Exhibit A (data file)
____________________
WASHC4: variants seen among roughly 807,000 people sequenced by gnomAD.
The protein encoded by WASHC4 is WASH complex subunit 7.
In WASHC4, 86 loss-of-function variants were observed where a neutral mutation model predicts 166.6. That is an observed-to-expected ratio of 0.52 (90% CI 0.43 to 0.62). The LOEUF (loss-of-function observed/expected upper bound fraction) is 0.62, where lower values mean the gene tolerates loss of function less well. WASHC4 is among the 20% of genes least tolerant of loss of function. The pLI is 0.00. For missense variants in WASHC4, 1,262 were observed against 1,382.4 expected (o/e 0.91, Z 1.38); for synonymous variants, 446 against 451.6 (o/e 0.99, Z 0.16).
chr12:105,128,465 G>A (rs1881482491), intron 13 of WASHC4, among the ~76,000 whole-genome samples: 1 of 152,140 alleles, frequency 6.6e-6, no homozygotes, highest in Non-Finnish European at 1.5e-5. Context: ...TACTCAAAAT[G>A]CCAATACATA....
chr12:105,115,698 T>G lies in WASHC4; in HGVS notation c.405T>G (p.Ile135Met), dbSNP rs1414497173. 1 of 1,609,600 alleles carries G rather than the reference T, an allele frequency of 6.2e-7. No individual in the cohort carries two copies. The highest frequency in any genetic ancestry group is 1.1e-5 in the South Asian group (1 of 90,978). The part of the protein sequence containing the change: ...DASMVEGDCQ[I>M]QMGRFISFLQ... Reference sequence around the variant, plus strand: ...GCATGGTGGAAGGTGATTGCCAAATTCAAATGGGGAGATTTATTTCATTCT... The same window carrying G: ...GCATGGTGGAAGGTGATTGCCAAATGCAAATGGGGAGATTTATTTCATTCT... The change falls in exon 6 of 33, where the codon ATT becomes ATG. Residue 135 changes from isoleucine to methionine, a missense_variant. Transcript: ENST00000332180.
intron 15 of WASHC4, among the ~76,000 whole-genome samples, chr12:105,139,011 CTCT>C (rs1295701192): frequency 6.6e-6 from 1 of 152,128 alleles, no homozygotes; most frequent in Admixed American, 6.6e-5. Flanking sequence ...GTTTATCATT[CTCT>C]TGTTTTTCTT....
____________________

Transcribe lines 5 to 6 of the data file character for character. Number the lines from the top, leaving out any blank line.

chr12:105,115,698 T>G lies in WASHC4; in HGVS notation c.405T>G (p.Ile135Met), dbSNP rs1414497173. 1 of 1,609,600 alleles carries G rather than the reference T, an allele frequency of 6.2e-7. No individual in the cohort carries two copies. The highest frequency in any genetic ancestry group is 1.1e-5 in the South Asian group (1 of 90,978). The part of the protein sequence containing the change: ...DASMVEGDCQ[I>M]QMGRFISFLQ... Reference sequence around the variant, plus strand: ...GCATGGTGGAAGGTGATTGCCAAATTCAAATGGGGAGATTTATTTCATTCT... The same window carrying G: ...GCATGGTGGAAGGTGATTGCCAAATGCAAATGGGGAGATTTATTTCATTCT... The change falls in exon 6 of 33, where the codon ATT becomes ATG. Residue 135 changes from isoleucine to methionine, a missense_variant. Transcript: ENST00000332180.
intron 15 of WASHC4, among the ~76,000 whole-genome samples, chr12:105,139,011 CTCT>C (rs1295701192): frequency 6.6e-6 from 1 of 152,128 alleles, no homozygotes; most frequent in Admixed American, 6.6e-5. Flanking sequence ...GTTTATCATT[CTCT>C]TGTTTTTCTT....